The R9 code comes from the North American Standard Account Ratings, a system used by the major credit bureaus for preparing credit reports. The "R" means it's a revolving credit account, such as a credit card or a line of credit. If it were an installment loan, such as a car loan or mortgage, the code would start with an "I." The numeral tells you the status of the account.
An R0 is a new account with too little activity to be evaluated; R1 is a current account -- paid on time and not past due. Ratings R2 through R5 indicate an account that's past due; the higher the number, the later it is. The R6 code is not used. An R7 code is a debt settled under a special arrangement, usually for less than the full amount owed; R8 is an account that resulted in a repossession. An account is coded R9 if the creditor decides it can't collect the debt. It may have simply written off the debt or sold it to a collection agency.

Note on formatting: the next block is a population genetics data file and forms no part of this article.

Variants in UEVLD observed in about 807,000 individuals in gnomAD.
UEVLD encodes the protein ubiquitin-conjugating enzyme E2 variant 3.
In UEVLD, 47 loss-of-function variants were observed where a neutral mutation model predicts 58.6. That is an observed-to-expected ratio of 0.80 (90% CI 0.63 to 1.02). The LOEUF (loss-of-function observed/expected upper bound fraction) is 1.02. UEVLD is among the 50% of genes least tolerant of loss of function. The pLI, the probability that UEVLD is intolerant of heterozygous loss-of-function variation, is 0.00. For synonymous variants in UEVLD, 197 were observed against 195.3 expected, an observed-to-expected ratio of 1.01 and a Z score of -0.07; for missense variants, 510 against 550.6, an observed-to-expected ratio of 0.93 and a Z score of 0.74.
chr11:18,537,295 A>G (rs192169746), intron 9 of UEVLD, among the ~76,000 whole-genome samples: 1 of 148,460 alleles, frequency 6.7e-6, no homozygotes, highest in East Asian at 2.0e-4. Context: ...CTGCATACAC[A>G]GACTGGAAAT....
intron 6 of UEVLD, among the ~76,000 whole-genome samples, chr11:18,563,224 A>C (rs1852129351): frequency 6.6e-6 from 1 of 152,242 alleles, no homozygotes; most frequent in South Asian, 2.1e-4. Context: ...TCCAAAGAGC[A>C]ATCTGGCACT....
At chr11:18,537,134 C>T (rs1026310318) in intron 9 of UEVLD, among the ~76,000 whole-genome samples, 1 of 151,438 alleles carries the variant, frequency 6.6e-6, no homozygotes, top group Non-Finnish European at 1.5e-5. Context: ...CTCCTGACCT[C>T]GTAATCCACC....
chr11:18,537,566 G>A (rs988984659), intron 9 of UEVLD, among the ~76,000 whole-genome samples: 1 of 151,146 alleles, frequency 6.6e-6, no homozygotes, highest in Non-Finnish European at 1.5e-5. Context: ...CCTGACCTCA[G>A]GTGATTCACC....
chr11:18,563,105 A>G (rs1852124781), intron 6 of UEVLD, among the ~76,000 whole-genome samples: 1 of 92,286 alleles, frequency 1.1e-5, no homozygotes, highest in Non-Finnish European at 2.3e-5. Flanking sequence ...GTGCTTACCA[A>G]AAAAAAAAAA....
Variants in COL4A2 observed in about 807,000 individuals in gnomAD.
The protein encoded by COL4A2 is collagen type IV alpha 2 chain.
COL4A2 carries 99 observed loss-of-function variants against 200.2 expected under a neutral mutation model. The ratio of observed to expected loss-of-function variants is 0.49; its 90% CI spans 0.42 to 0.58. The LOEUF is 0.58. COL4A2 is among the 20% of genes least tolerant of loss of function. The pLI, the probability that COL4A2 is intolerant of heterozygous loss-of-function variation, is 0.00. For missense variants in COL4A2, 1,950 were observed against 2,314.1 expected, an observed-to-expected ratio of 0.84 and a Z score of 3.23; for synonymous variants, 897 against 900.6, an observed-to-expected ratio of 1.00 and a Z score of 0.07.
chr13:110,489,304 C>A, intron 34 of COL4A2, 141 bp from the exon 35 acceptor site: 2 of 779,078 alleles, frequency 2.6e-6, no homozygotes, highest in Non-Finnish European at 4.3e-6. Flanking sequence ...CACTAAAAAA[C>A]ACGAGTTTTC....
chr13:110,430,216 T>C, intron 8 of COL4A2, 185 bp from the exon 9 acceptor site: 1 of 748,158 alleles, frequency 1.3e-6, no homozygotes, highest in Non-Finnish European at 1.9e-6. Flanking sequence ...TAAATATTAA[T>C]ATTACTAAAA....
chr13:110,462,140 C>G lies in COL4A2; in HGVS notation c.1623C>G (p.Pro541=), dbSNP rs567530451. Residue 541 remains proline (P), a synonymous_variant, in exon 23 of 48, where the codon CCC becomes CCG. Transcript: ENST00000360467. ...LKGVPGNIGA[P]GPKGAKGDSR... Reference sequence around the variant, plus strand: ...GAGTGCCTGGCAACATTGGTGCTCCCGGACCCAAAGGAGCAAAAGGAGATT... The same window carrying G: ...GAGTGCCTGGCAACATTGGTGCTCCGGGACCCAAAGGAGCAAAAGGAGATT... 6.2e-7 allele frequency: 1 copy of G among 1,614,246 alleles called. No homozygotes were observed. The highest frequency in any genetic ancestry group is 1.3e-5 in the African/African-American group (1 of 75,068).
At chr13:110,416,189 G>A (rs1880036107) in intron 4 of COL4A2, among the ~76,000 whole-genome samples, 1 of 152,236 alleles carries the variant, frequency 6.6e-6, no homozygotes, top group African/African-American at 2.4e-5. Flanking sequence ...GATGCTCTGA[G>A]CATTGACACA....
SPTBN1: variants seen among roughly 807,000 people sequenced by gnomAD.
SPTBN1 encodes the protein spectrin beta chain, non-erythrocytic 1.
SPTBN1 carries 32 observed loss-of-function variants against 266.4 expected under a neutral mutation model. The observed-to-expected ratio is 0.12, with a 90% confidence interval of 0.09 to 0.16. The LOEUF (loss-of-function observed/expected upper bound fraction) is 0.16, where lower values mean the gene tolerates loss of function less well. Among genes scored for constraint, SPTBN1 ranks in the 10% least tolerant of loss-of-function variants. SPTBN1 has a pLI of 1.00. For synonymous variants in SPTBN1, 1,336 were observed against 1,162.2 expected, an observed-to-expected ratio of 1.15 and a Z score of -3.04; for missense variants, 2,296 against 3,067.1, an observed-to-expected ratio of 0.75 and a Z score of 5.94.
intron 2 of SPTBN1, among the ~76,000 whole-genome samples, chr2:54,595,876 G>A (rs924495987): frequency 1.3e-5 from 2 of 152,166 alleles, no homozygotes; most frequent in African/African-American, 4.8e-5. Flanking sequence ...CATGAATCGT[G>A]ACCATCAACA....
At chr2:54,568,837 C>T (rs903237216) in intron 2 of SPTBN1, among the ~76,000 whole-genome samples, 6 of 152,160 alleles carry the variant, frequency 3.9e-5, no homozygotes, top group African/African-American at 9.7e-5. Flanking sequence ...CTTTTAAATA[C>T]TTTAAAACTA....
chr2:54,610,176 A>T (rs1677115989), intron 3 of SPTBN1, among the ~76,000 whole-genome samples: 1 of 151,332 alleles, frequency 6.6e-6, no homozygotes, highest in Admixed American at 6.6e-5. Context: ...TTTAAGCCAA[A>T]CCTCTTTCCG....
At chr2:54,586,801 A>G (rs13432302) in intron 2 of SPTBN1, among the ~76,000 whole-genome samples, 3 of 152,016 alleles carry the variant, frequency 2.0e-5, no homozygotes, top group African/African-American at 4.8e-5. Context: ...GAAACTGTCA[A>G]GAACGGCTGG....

Credit Score Effect
Credit scores measure how risky it is to lend money to someone. So defaulting on an account -- going to R9 -- will undoubtedly hurt your score. Everyone's credit profile is different, but the Experian credit bureau says you can expect it to have a very negative impact on your score. Negative information stays on your credit report -- and can affect your score -- for up to seven years.